Yearning for intensity

Have your Beefcake & eat it, too

“It was a simpler time; things were so much easier, then,” says a former physique model near the start of Beefcake, Thom Fitzgerald’s new feature on the Athletic Model Guild, Los Angeles’ (queer) dream factory of the post-World War II period.

Historians may not agree that the ’50s were simpler and easier, but those years do continue to provide ’90s gay audiences with fodder for the most enduring myths of our past. Beefcake is all about the obsession with the ambiguous straight man who might or might not give his heart, and maybe even his body, and about processing that obsession through art.

Granted, the glossy nude photos and leering movie loops that AMG’s Bob Mizer produced for a living weren’t exactly high art, but this “sleaze” is also part of the mythology, a longing for the abjection of yore, before respectable gay-niche marketing removed the taboos, the intensity and the secrets from our lives.

Postwar beefcake constituted the golden era of gay visual culture, and director Thom Fitzgerald (of The Hanging Garden fame) creates a movie that goes a long way toward backing up this claim. The movie is, among other things, an archeological dig and a celebration, crammed with montages of the glowing stills and the mail order movies that shaped the generation then emerging wanking into the daylight.

One of Fitzgerald’s triumphs is his virtuoso intercutting of the vintage materials with his ’90s narrative, much of it exquisitely reconstructed in period style. It’s a pomo gimmick, yes, but somehow faithful to the lingering mark of ’50s sensibilities.

Mizer is famous for excess; his distinctive childlike overripeness exemplified the conscience and imagination of the era. Fitzgerald shows us how. Beefcake is narrated by Mizer’s idiosyncratic run-on editorials from his legendary catalogue mag Physique Pictorial, thus reviving one of the few voices of courage and unapologetic lust in that age of cowardice and scapegoating.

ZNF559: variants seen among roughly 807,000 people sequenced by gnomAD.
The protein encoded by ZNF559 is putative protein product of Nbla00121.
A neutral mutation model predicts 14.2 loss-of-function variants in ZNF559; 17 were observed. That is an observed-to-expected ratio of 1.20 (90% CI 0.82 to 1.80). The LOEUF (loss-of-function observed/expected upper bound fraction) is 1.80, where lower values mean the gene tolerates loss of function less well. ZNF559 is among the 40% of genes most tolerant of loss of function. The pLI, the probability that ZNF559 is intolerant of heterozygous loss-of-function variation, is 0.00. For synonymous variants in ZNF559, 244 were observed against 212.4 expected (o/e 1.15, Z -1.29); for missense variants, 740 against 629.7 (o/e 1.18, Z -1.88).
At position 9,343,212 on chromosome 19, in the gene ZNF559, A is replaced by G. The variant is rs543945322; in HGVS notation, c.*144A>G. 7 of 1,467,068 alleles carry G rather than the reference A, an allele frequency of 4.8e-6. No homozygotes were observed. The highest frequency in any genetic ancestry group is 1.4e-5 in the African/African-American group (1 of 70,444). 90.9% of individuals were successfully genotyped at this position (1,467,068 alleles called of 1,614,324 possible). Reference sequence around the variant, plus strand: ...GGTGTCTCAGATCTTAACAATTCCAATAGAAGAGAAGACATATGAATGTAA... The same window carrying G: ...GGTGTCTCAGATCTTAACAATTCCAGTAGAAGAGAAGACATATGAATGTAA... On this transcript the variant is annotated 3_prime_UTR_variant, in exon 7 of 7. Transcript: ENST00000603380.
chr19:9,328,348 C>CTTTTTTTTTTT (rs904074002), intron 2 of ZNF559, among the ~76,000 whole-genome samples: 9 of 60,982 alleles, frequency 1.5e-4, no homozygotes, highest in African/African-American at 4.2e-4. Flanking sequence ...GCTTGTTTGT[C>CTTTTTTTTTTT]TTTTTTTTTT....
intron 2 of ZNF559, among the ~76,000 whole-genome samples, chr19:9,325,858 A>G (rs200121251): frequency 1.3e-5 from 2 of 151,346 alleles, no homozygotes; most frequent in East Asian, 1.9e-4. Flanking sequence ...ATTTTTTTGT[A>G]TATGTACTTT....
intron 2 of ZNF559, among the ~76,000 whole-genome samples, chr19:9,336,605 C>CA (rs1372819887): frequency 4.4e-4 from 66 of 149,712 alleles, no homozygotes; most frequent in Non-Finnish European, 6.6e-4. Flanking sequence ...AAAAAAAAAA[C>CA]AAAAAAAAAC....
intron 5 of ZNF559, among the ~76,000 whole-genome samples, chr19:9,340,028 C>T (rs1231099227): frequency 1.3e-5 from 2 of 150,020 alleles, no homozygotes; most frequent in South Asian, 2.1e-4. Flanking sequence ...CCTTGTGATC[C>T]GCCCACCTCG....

Fitzgerald’s second objective is an oral history. He interviews seven of the original photographers and models, plus one pop historian. Veteran San Francisco photographer Dave Martin’s candour and understated self-fulfillment steal this part of the movie. His thick, twinkling eyeglasses seem to stand in for the visual eroticism that has come to be at the centre of our heritage.

Otherwise, the oral history pales beside other films like Word Is Out and Forbidden Love, and certainly can’t compete with Mizer’s original stroke materials themselves. Ranging from the boringly banal to the offensive, the lineup includes several well-preserved models scrambling over each other to trumpet their latter-day “maturity” and heterosexuality.

Joe Dallesandro, in a brain-dead appearance (very expensive, I’m sure), has the nerve to brand the reckless prophet who made him what he is a scuzzbag. Admittedly, denial, half-secrets and self-justification were what the pre-Stonewall culture of unlabelled same-sex interaction were all about. But when the scuzzbag publicists from Atlantis Alliance join in on this de-gaying of the phenomenon and the movie (mendaciously emphasizing the role of women as beefcake customers, for example, and removing all the “G” words from the synopsis that hack reviewers are going to reprint), I started wanting a little old-fashioned post-Stonewall gay pride thrown in as well.


I agree it’s important for expensive gay movies like this one to move beyond the ghetto, but success stories like Taxi To The Toilet and Lilies do it through in-your-face integrity, not disavowal.

There’s another movie in Beefcake, alongside the visual archeology and the oral history – the Mizer biopic that Fitzgerald reportedly discovered while developing the film. Everyone’s favorite gay Toronto actor, Daniel MacIvor, delivers another sterling performance as the artist torn between his camera and his ashamed but complicit mother (Carroll Godsman).

The biopic climaxes in a courtroom drama where Mizer and his circle are basically convicted of running a hustler ring. It’s a powerful scene that uses the transcript of the original trial to uncanny and original effect, merging history with melodrama.

Less successful is another subplot involving a Nova Scotia hayseed who makes it big as a Hollywood physique model. Buff ’90s actor Josh Peace is miscast and flounders about in a Canadian angle that seems strapped on.

Like the AMG products it explores, Beefcake can be wildly incoherent, absolutely ecstatic and true at the same time. And as a bonus, it adds the traditional Canadian ingredient of an ironic and distanced view of US pop media.

So let’s help the publicity and leak the taxpayers’ investment in Beefcake to the Reform Party MPs who are still out for the blood of lesbian pornographers. After all, Reformers are still living in the simpler and easier times that Beefcake so brazenly unveils and might actually enjoy all the denial.

Beefcake opens on Fri, Jun 18 at the Carlton (20 Carlton St) and Canada Square (2200 Yonge St).

Tom Waugh is author of Hard To Imagine, a history of pre-Stonewall gay erotica.

Read More About:
Culture, TV & Film, Arts, Toronto

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